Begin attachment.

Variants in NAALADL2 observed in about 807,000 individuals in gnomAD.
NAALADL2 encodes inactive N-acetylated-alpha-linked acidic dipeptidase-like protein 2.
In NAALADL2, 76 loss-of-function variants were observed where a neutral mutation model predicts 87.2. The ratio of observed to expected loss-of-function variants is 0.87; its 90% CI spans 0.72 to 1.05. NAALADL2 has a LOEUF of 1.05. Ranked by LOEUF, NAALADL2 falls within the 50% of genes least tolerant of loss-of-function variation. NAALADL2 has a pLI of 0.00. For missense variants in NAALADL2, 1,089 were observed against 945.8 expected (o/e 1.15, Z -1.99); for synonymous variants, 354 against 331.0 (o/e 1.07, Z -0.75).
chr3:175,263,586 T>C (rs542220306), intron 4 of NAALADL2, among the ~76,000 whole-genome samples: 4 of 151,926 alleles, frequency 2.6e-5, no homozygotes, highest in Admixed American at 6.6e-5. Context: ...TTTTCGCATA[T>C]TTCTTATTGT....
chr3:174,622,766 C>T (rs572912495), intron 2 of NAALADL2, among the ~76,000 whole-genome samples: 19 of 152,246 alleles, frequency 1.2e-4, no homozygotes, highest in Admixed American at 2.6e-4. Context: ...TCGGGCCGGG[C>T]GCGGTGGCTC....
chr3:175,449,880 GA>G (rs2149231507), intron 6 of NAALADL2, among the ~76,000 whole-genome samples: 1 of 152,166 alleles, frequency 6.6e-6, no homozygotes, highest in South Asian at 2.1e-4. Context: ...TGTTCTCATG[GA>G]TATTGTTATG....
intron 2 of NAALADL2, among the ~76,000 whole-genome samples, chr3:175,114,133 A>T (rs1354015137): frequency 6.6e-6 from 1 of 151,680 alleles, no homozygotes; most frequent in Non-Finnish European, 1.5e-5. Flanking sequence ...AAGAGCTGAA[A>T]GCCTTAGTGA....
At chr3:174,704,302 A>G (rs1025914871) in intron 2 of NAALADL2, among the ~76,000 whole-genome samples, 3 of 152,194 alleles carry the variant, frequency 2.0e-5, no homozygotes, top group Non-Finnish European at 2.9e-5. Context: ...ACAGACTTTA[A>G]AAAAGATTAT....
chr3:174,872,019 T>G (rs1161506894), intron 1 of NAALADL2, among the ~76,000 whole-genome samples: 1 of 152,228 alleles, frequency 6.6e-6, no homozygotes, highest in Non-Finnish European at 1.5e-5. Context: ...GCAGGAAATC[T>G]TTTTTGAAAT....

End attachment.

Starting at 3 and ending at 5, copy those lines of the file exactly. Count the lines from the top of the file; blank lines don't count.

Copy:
In NAALADL2, 76 loss-of-function variants were observed where a neutral mutation model predicts 87.2. The ratio of observed to expected loss-of-function variants is 0.87; its 90% CI spans 0.72 to 1.05. NAALADL2 has a LOEUF of 1.05. Ranked by LOEUF, NAALADL2 falls within the 50% of genes least tolerant of loss-of-function variation. NAALADL2 has a pLI of 0.00. For missense variants in NAALADL2, 1,089 were observed against 945.8 expected (o/e 1.15, Z -1.99); for synonymous variants, 354 against 331.0 (o/e 1.07, Z -0.75).
chr3:175,263,586 T>C (rs542220306), intron 4 of NAALADL2, among the ~76,000 whole-genome samples: 4 of 151,926 alleles, frequency 2.6e-5, no homozygotes, highest in Admixed American at 6.6e-5. Context: ...TTTTCGCATA[T>C]TTCTTATTGT....
chr3:174,622,766 C>T (rs572912495), intron 2 of NAALADL2, among the ~76,000 whole-genome samples: 19 of 152,246 alleles, frequency 1.2e-4, no homozygotes, highest in Admixed American at 2.6e-4. Context: ...TCGGGCCGGG[C>T]GCGGTGGCTC....